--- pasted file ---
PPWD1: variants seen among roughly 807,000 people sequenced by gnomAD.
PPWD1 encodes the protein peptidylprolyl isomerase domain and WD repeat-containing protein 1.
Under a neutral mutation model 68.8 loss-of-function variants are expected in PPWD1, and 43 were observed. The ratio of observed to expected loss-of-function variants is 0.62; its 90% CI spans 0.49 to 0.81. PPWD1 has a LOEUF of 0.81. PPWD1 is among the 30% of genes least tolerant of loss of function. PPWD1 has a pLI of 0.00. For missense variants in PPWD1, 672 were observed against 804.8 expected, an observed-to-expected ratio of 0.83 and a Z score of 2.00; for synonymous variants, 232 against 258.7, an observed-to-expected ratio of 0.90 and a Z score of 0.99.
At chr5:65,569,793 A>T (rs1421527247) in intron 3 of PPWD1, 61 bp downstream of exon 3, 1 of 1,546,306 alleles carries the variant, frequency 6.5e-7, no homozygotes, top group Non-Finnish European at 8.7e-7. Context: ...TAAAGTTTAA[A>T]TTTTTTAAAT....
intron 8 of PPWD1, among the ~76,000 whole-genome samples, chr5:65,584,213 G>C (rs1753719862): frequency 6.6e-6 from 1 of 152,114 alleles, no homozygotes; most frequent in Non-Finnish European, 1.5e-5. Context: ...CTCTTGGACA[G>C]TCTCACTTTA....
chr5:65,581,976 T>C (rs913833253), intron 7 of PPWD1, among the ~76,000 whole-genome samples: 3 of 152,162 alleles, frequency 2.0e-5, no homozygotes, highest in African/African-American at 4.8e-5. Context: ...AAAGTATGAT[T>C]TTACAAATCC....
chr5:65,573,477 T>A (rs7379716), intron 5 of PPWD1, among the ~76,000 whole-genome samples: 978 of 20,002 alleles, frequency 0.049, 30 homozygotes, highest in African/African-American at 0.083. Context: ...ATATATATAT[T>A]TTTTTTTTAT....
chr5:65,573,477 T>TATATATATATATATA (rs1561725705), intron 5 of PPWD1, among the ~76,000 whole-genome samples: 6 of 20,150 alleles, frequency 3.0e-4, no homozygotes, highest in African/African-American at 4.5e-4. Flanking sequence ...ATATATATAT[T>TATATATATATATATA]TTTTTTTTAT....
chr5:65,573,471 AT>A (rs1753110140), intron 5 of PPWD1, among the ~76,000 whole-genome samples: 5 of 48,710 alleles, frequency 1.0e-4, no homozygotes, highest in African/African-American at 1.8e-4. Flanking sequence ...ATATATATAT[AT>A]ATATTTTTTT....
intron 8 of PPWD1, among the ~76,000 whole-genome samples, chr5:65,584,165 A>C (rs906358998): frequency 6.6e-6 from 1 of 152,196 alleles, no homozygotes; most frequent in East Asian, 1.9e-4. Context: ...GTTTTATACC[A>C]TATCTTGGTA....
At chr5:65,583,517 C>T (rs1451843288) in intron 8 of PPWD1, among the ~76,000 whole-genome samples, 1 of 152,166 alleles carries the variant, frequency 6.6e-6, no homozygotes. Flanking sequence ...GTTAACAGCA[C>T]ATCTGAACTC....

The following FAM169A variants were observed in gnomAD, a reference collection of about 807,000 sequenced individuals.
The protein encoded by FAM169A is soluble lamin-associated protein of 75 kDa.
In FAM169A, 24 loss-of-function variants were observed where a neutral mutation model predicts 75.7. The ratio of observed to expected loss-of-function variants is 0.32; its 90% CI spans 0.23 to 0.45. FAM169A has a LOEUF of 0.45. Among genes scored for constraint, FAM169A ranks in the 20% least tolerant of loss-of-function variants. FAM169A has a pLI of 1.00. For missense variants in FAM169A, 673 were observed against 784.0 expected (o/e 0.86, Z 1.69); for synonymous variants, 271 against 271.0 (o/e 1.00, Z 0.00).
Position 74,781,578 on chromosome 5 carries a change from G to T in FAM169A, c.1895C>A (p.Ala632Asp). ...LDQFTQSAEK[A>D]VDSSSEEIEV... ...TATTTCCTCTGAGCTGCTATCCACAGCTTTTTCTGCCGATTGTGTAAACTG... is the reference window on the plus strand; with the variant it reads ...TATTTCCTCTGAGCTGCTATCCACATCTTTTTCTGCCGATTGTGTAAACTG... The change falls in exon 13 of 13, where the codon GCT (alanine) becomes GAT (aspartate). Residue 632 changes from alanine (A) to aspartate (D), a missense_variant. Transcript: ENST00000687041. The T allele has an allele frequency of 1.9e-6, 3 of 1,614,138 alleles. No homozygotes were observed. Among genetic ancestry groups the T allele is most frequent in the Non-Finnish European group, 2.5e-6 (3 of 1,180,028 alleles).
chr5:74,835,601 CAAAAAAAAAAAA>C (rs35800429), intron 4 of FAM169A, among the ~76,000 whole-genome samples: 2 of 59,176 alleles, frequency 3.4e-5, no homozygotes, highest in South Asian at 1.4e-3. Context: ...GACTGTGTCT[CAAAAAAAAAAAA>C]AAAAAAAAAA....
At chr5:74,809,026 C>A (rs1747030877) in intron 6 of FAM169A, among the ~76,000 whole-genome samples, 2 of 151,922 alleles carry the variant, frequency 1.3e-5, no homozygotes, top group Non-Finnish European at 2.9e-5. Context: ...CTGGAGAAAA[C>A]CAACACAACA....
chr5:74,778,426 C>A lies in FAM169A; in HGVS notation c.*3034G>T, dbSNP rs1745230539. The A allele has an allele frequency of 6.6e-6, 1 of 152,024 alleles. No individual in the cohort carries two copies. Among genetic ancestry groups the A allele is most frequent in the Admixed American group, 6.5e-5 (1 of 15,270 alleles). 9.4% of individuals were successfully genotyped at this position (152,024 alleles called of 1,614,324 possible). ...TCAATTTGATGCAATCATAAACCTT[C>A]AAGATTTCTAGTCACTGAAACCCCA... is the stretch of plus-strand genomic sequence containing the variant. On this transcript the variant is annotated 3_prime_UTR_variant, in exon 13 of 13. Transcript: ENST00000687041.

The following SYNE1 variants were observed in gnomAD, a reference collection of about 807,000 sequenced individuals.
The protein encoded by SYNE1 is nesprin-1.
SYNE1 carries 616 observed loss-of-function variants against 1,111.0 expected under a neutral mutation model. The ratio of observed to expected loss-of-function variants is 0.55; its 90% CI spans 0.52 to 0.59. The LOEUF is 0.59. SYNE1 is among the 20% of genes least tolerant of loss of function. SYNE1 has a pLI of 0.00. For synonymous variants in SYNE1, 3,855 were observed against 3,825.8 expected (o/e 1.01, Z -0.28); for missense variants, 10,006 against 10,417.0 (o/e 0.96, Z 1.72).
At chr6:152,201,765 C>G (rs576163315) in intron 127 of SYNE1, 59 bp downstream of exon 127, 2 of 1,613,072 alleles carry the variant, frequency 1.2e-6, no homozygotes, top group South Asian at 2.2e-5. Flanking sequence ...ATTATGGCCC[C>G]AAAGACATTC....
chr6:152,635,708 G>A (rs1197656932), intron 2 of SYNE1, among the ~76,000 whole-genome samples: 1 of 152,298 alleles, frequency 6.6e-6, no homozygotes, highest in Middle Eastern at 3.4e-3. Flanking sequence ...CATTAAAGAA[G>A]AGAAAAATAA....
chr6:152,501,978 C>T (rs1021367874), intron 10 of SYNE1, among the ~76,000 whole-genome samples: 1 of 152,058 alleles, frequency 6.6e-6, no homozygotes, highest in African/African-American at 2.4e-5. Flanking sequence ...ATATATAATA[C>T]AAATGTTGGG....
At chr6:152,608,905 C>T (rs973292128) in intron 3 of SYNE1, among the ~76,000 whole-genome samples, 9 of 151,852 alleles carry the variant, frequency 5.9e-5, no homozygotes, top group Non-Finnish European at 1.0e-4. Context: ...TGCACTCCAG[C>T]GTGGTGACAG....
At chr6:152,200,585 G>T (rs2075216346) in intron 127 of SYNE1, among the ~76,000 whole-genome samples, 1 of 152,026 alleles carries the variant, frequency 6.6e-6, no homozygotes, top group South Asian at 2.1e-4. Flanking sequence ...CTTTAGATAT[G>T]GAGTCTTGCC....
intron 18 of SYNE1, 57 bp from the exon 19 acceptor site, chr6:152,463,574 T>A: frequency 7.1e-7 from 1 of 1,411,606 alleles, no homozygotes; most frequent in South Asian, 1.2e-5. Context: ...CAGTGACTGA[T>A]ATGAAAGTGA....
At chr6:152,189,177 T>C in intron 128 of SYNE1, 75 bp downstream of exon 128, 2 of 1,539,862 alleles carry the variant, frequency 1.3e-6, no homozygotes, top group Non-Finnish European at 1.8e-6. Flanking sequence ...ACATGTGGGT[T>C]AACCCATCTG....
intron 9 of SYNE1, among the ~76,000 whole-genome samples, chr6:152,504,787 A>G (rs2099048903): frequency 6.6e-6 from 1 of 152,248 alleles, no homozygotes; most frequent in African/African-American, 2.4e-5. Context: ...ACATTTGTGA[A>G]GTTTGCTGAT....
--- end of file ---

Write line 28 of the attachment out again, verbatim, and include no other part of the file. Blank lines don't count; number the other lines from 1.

At chr6:152,189,177 T>C in intron 128 of SYNE1, 75 bp downstream of exon 128, 2 of 1,539,862 alleles carry the variant, frequency 1.3e-6, no homozygotes, top group Non-Finnish European at 1.8e-6. Flanking sequence ...ACATGTGGGT[T>C]AACCCATCTG....